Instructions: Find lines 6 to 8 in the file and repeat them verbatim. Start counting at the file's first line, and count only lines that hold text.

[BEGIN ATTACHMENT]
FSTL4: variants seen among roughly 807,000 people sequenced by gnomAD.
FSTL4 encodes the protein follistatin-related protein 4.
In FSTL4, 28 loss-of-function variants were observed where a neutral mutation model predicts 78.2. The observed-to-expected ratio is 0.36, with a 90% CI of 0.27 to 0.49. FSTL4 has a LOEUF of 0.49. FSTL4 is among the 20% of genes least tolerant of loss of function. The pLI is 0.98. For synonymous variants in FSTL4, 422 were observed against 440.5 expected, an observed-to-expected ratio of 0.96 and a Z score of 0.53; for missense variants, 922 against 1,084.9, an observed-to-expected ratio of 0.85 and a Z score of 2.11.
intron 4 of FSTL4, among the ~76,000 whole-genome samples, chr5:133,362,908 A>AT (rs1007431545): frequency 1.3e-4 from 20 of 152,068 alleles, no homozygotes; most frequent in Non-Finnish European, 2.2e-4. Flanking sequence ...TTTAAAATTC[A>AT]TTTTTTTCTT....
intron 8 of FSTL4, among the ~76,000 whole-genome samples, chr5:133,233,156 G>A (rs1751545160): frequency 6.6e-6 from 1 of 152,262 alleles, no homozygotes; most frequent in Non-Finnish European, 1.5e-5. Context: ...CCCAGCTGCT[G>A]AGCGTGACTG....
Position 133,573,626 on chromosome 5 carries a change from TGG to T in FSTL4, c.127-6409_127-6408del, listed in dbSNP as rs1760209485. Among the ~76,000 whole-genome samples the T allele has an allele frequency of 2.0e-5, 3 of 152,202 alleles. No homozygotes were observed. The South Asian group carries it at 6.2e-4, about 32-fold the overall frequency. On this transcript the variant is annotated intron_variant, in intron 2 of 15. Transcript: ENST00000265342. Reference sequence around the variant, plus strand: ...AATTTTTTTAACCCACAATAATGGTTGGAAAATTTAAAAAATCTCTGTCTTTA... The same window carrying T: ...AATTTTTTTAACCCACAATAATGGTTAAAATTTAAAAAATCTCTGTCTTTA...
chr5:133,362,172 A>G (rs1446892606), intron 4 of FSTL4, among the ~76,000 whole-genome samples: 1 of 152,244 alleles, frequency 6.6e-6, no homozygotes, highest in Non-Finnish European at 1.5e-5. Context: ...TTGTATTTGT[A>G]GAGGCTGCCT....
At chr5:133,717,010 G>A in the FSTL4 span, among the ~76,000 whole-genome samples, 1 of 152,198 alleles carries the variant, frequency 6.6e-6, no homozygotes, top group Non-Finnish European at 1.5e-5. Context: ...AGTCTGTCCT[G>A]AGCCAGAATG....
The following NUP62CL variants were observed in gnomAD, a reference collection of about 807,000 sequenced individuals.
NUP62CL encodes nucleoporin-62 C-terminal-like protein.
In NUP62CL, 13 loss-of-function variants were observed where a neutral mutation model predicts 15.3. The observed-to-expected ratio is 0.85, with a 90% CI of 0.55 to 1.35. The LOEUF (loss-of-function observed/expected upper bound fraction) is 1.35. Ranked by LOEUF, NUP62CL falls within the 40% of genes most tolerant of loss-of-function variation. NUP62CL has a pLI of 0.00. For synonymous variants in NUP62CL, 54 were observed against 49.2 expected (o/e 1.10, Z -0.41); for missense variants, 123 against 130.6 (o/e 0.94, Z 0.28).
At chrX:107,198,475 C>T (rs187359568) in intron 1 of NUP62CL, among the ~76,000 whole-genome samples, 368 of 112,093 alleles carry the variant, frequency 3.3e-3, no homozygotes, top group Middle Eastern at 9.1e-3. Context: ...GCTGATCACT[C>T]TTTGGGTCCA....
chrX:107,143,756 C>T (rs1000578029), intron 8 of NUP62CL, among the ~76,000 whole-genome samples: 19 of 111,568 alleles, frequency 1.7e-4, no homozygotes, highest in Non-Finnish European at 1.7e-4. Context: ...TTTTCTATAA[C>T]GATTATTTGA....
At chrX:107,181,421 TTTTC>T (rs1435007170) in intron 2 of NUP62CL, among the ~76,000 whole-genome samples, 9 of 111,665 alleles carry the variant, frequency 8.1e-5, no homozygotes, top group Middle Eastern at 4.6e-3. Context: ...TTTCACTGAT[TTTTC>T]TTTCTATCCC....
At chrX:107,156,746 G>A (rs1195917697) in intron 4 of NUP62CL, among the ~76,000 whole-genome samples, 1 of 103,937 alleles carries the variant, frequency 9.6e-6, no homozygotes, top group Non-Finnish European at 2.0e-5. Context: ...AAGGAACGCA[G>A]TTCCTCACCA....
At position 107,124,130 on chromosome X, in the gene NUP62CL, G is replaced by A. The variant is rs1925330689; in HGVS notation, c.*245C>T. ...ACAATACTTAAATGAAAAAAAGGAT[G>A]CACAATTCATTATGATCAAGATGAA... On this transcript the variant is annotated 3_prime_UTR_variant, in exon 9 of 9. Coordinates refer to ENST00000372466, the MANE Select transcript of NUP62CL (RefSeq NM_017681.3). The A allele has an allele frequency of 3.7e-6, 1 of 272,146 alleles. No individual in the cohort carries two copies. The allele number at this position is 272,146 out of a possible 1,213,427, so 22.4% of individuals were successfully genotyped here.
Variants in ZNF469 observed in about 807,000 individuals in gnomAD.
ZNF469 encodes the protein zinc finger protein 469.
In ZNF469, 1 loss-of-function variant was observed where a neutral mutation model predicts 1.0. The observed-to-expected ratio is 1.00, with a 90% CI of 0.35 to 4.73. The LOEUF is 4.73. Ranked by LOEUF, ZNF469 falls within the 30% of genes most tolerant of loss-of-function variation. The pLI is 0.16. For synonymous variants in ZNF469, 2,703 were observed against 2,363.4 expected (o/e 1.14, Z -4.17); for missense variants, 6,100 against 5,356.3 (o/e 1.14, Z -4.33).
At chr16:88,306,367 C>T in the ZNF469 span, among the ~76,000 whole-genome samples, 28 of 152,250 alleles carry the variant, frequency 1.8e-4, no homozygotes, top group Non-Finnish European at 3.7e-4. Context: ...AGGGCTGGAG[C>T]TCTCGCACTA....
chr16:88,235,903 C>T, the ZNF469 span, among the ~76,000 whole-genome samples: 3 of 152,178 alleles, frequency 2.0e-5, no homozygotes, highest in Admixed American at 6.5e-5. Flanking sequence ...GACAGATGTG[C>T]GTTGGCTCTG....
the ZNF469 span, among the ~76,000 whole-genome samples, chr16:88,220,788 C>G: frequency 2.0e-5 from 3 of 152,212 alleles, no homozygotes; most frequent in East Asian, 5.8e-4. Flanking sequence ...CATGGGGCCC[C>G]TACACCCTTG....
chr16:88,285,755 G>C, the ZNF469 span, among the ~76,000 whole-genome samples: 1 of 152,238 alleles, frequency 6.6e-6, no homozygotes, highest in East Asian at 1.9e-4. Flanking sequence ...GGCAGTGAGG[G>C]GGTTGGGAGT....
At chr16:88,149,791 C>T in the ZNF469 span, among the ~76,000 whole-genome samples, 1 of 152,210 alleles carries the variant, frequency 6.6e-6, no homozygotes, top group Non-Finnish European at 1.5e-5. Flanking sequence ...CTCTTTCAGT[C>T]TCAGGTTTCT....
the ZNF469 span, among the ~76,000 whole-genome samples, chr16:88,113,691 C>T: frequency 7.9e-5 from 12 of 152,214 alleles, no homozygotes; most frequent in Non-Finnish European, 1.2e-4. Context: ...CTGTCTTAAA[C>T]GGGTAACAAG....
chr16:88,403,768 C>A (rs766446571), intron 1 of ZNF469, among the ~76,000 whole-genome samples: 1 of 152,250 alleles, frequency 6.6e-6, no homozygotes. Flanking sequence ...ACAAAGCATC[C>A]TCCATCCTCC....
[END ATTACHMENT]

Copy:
Position 133,573,626 on chromosome 5 carries a change from TGG to T in FSTL4, c.127-6409_127-6408del, listed in dbSNP as rs1760209485. Among the ~76,000 whole-genome samples the T allele has an allele frequency of 2.0e-5, 3 of 152,202 alleles. No homozygotes were observed. The South Asian group carries it at 6.2e-4, about 32-fold the overall frequency. On this transcript the variant is annotated intron_variant, in intron 2 of 15. Transcript: ENST00000265342. Reference sequence around the variant, plus strand: ...AATTTTTTTAACCCACAATAATGGTTGGAAAATTTAAAAAATCTCTGTCTTTA... The same window carrying T: ...AATTTTTTTAACCCACAATAATGGTTAAAATTTAAAAAATCTCTGTCTTTA...
chr5:133,362,172 A>G (rs1446892606), intron 4 of FSTL4, among the ~76,000 whole-genome samples: 1 of 152,244 alleles, frequency 6.6e-6, no homozygotes, highest in Non-Finnish European at 1.5e-5. Context: ...TTGTATTTGT[A>G]GAGGCTGCCT....
At chr5:133,717,010 G>A in the FSTL4 span, among the ~76,000 whole-genome samples, 1 of 152,198 alleles carries the variant, frequency 6.6e-6, no homozygotes, top group Non-Finnish European at 1.5e-5. Context: ...AGTCTGTCCT[G>A]AGCCAGAATG....